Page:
By: Edward Egros

August 2018

Previewing the 100th PGA Championship

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(Courtesy: Gary Kellner Getty Images)

In some ways, the PGA Championship is the toughest to predict of all four majors. Previous performance is an enormous factor for the Masters, past results at links style courses help with the (British) Open (and when applicable the U.S. Open) and long hitters often perform well at the second major. But with golf's final major, the skill set required to win can vary significantly. One trend worth noting is those who win the Wanamaker Trophy do well at the other majors. It has the second-fewest number of winners whose only major victory was that major (the Masters has the fewest single-major champions). However, the last three winners of golf's final major are first-time major champions (Jason Day, Jimmy Walker and Justin Thomas).

To make matters even trickier, it's been 10 years since Bellerive Country Club in St. Louis has hosted a PGA Tour event,
and the leaderboard does not exactly uncover a trend for success. However, because rainy weather seems to have softened the course, putting may not be as big of a factor as driving and the short game. The usual suspects appear atop the Strokes Gained: Tee-to-Green leaderboard: Dustin Johnson, Justin Thomas, Francesco Molinari and Henrik Stenson. The PGA Championship has also been known to produce some low scores. In fact, five of the last six winners posted double digits under par. After adjusting for the field's average score of tournaments played by each individual golfer, the lowest scores this season come from Johnson, Justin Rose, Jason Day and Thomas.

Including these statistics, the number-one Official World Golf Ranking and his considerable driving distance, Dustin Johnson is my pick to win the 100th PGA Championship. As for my Daily Fantasy lineups:

Dustin Johnson
Jason Day
Tony Finau
Luke List
Webb Simpson
Hao-Tong Li

Paul Casey
Bryson DeChambeau
Tommy Fleetwood
Ryan Moore
Louis Oosthuizen
Justin Thomas

Ohio State's Less Important Question

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Ohio State head coach Urban Meyer continues to face the possibility he will not coach the Buckeyes ever again. The school placed him on paid administrative leave as it investigates if he failed to report (or do anything about) an assistant coach allegedly committing domestic violence. This assistant may have exhibited a pattern of horrific behavior, yet remained on Meyer's coaching staff at Florida and Ohio State for years after reported incidents. The school announced it would like to end its investigation in the coming days.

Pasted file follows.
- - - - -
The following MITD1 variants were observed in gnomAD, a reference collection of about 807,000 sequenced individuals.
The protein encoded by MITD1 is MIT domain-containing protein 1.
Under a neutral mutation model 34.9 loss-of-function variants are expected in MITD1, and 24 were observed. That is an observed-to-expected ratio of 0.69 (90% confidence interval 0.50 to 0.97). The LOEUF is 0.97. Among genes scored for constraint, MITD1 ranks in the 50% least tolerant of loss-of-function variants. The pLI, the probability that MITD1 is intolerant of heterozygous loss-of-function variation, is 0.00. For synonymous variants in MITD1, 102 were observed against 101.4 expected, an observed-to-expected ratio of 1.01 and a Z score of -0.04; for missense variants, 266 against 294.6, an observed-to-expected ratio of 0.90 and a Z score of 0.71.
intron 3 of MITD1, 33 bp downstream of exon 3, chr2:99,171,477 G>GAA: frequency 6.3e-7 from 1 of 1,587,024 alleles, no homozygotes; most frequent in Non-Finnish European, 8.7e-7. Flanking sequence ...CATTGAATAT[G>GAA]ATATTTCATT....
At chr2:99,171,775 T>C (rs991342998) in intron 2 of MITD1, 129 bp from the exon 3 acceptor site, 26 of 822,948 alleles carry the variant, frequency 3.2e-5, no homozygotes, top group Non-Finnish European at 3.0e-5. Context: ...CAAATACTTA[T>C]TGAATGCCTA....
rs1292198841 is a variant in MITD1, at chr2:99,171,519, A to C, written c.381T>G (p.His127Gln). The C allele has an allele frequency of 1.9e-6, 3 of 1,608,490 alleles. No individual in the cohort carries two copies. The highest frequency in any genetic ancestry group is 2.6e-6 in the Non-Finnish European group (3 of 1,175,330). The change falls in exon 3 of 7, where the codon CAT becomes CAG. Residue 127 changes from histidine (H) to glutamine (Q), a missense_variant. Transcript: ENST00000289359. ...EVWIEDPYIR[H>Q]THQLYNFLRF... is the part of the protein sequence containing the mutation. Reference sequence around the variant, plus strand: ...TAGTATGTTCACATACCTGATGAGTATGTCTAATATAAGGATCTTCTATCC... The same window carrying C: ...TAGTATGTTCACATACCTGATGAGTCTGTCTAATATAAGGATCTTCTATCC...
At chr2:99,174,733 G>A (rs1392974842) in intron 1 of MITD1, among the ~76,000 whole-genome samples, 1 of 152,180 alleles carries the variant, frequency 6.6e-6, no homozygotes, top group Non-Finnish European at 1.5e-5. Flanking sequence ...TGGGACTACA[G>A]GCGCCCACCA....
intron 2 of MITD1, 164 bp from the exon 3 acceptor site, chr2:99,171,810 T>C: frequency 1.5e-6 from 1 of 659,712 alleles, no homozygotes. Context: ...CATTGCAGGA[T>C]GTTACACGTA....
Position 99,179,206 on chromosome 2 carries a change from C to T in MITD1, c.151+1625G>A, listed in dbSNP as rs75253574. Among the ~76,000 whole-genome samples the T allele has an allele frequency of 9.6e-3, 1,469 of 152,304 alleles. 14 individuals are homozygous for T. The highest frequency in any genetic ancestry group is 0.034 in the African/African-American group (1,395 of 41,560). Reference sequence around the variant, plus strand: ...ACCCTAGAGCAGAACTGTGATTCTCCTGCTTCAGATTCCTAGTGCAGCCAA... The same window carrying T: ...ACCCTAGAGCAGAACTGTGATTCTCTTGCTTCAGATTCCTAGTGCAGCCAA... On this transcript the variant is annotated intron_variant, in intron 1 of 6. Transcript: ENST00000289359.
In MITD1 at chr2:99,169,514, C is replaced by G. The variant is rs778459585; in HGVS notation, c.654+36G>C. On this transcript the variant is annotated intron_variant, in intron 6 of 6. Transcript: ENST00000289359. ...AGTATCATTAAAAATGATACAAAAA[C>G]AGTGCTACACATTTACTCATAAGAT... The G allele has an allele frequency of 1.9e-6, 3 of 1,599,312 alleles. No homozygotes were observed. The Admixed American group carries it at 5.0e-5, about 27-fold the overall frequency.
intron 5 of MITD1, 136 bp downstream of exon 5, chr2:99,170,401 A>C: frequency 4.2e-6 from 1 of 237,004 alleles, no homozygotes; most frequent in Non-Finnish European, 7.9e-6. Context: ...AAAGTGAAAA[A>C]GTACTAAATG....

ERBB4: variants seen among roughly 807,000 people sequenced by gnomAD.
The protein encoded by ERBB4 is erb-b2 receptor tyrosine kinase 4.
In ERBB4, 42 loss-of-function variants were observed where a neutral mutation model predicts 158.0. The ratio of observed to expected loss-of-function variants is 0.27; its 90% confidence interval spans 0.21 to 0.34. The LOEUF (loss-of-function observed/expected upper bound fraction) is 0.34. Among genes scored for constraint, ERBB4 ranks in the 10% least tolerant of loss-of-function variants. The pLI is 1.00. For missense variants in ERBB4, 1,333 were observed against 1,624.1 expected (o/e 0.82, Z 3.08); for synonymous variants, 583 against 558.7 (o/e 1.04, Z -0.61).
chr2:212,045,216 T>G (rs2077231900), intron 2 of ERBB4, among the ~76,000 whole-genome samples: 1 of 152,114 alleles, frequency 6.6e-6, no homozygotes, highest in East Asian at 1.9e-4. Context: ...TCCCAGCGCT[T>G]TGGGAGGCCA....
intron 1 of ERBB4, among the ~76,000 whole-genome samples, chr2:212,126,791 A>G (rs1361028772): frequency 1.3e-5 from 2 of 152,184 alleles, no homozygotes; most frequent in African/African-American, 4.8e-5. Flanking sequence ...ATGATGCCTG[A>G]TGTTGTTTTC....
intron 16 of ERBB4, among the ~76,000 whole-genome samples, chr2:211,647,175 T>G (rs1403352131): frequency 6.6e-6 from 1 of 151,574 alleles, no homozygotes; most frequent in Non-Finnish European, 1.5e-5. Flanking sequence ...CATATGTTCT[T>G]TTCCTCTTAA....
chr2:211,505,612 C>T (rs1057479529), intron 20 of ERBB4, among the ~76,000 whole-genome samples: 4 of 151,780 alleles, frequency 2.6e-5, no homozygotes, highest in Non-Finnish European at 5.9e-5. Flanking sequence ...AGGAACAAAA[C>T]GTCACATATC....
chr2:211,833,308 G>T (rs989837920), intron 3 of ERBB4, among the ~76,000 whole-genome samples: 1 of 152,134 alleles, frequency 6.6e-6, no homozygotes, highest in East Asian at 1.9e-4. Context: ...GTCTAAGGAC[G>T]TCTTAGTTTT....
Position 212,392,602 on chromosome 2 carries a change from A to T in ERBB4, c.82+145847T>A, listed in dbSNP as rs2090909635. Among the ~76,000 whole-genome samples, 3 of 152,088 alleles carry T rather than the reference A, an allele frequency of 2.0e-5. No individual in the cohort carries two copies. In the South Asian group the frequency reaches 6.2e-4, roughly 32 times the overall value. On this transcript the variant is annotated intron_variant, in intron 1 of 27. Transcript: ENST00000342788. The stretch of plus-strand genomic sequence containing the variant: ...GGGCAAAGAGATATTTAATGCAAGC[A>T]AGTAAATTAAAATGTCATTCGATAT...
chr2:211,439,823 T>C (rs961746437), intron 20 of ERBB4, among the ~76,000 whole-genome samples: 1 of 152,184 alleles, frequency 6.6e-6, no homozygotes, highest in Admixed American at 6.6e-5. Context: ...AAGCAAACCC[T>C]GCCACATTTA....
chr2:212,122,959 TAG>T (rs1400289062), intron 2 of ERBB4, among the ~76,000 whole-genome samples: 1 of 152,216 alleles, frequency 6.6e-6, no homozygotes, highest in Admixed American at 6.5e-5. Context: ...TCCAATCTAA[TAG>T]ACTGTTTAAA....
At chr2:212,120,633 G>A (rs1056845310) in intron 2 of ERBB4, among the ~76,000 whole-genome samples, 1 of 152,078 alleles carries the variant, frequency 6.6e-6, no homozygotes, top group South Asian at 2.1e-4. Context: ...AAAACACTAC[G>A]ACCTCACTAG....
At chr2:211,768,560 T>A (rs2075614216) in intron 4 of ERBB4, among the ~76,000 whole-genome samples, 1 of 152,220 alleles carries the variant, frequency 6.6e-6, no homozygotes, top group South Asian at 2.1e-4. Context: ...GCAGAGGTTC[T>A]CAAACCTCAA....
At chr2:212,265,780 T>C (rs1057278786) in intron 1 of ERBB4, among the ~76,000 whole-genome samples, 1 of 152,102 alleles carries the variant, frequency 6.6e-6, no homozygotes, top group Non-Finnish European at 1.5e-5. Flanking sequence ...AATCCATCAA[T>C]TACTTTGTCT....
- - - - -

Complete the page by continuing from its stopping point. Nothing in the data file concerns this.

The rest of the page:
What matters far less than potentially covering up violent crime is football itself. There exists the serious reality an entire football team will have to scramble to organize, practice and get through a gauntlet of a season, all because its leader exhibited incredibly poor judgment. There also exists an unfortunate reality if no reasonable explanations can be uncovered during this investigation: doing the right thing has consequences.

Other college football programs have parted ways with its head coach within a couple of months of the season's kickoff. In 2017, Ole Miss head coach Hugh Freeze resigned
after questions were raised about phone calls made to a female escort service. One year earlier, Baylor fired head coach Art Briles after a couple of his players were convicted of sexual assault and many more women came forward alleging some within the football team committed multiple acts of violence against them. Lastly, in 2012, Arkansas fired head coach Bobby Petrino for unfairly hiring a mistress, not disclosing the nature of that relationship to his boss and not admitting to authorities she was present when Petrino suffered a motorcycle accident.

In each case, I looked at how many wins each team was projected to win prior to each scandal,
according to our prediction model. This model takes into account recruiting rankings of the sophomore and junior seasons from 247sports (the classes we found to be statistically significant), home and away schedules and if any games were played other than on Saturdays. Here are the results:

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For Ole Miss, near the end of the season the Rebels had four games decided by one possession. In each game we projected them to win; however, they went 2-2. An 8-4 possibility became a 6-6 performance. For Baylor, there was a three-game stretch near the end of the season where things seemed to fall apart (i.e. losses to Kansas State, Texas Tech and West Virginia). The Bears could have gone 10-3, but instead finished 7-6. Lastly, for Arkansas, we suspected a dip in performance after coming off an appearance in the Sugar Bowl, but the downtick turned out to be more severe. Instead of perhaps going 7-5, they went 4-8.

Several other factors could have caused an underperformance of these projections, so it cannot be definitively concluded the departure of the head coach caused the unforeseen losses. However, intuitively it might make sense that a coaching change late in the offseason could mean two or three additional losses. If, indeed, Ohio State decides to fire Urban Meyer, and if it does mean the Buckeyes narrowly miss out on championships, only Meyer is to blame.